In the US, there are registration and listing requirements for new drugs going into clinical trials and the companies that manufacture these drugs.  Do you know if these requirements apply to your company and new investigational drug? To find you, you may look into the Code of Federal Regulations (the CFR) and in the Guidance for Industry that the FDA has made publicly available.  But these on-line resources are very exhaustive, content rich and extremely detailed. 

For a more hands-on approach, we suggest you contact the FDA’s Drug Registration and Listing System Team who are a very helpful resource to help you understand requirements specific to your unique situation and will walk you through the process if deemed necessary.

To this end, we wanted to provide you with the nuts and bolts of the requirements.

Why

  • Drug safety - Electronic listing database include comprehensive information on drug products that can include:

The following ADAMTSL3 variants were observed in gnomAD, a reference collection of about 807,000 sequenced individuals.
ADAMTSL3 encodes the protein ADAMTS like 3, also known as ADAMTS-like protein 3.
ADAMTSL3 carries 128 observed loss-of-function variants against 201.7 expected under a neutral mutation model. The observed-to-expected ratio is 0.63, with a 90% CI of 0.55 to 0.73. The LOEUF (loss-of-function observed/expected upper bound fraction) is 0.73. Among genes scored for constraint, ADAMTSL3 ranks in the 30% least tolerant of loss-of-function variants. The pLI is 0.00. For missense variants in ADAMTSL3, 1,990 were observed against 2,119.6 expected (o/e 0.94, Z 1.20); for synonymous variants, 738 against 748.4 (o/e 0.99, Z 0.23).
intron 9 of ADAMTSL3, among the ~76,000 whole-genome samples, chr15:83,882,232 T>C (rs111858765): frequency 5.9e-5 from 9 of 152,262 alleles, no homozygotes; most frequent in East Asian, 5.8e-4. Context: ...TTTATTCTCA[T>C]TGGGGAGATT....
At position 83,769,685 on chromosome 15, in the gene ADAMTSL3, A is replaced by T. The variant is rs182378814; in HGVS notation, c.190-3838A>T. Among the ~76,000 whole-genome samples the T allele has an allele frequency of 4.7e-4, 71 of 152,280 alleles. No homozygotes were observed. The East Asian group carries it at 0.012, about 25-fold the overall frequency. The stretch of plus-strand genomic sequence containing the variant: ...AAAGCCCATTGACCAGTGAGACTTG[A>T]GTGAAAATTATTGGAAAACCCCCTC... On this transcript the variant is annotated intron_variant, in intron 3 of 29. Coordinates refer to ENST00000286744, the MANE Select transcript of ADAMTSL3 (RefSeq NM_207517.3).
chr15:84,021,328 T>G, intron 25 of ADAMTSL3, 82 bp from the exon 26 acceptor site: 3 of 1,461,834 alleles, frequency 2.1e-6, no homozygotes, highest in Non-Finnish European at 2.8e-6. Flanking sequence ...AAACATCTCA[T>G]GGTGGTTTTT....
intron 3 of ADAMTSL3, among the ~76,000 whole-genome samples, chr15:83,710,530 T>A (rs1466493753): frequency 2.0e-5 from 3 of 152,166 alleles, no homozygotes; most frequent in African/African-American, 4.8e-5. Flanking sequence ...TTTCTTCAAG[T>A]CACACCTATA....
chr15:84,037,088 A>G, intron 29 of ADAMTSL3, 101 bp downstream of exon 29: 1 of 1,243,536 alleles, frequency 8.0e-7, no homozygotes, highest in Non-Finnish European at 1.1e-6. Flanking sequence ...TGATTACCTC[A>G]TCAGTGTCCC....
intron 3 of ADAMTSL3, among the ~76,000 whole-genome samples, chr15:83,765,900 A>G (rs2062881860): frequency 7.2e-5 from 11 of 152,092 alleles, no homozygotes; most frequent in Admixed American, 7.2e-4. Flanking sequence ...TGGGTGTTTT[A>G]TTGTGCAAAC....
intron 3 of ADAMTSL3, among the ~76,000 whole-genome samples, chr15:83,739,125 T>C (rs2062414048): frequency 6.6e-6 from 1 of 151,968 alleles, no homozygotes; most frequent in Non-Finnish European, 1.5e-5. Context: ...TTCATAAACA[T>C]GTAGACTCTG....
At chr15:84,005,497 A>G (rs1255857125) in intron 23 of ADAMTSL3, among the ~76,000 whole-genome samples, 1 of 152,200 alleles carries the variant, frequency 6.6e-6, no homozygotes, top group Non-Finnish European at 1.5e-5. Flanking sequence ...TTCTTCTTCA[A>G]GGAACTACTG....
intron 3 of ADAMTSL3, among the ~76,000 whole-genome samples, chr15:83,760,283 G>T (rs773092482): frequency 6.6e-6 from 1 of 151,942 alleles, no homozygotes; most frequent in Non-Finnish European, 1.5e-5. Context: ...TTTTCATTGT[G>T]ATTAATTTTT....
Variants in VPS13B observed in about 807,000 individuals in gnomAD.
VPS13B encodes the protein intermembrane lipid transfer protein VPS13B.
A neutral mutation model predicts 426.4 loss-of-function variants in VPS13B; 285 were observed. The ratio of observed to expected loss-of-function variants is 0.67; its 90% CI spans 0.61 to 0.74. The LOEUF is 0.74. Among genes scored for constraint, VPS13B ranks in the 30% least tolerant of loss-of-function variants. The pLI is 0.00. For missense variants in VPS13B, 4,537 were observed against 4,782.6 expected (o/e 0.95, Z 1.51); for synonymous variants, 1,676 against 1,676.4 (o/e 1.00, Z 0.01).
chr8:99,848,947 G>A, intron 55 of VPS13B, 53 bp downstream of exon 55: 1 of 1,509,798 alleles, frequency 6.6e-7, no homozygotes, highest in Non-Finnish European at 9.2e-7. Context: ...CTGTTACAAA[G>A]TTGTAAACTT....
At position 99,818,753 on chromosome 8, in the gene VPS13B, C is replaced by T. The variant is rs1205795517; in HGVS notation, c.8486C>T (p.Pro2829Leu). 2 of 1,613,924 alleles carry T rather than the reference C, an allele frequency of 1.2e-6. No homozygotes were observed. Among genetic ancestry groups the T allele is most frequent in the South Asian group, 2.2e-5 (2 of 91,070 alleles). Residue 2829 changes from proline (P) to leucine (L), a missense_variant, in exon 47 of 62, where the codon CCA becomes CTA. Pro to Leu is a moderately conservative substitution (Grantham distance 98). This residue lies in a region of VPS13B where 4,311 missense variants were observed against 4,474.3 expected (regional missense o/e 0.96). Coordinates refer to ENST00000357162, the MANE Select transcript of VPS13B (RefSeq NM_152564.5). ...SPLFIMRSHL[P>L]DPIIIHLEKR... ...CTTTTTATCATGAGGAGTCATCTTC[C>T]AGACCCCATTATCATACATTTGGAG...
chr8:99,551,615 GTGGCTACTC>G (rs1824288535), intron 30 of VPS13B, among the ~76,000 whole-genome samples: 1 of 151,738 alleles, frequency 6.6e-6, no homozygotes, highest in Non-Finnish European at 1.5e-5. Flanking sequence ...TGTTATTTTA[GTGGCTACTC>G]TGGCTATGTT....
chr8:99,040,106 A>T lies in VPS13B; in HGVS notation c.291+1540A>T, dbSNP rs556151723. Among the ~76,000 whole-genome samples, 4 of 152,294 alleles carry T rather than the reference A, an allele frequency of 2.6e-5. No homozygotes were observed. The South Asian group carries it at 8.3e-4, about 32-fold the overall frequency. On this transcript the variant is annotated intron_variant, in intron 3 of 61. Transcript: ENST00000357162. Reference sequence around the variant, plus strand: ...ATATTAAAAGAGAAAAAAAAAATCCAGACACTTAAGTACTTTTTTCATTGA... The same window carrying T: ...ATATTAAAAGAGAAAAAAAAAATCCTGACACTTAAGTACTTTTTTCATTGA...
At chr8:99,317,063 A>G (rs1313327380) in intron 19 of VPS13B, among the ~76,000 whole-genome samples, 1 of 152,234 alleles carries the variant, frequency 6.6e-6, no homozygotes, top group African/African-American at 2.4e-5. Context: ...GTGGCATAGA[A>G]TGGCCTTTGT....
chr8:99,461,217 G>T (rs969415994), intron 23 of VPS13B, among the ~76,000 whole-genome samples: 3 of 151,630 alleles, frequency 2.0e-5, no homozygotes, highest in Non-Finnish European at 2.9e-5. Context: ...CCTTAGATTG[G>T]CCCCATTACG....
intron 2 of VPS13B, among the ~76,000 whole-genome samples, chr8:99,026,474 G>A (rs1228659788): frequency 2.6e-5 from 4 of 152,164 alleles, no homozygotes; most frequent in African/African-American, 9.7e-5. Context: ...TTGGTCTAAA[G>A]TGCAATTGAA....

1. Active pharmaceutical processing

  2. Drugs that requiring further processing

  3. Drugs manufactured exclusively for a private label distributor

  4. Drugs marketed solely as part of a kit or inner layer of a multi-level packaged product not marketed individually.

  • Companies who don’t follow the drug registration and listing process are sent FDA warning letters to resolve the issue. This is a situation you want to avoid.

Who

  • Business operations who participate in the manufacturing or processing of a human drug.

  • Business operations that have their drug enter into US commercial distribution after being manufactured or processed.

 

What

  • Active pharmaceutical ingredients or other unfinished drugs that require further processing, labeling, or packaging

  • Prescription drugs, whether or not the subject of an approved new drug application

  • Over-the-Counter (OTC) drugs, whether or not the subject of an approved application

  • Homeopathic drugs

 

When

  • Initial submission must be completed within 5 days of beginning to manufacture a drug for commercial distribution

  • All registered firms must renew their registration between Oct 1st and Dec 31st of each year by either updating previously submitted information, or certifying that no changes in registration have occurred.

 

How

  • FDA discontinued the use of paper submission in Jan 2009.

  • Businesses must register and list all products electronically using the Structured Product Labeling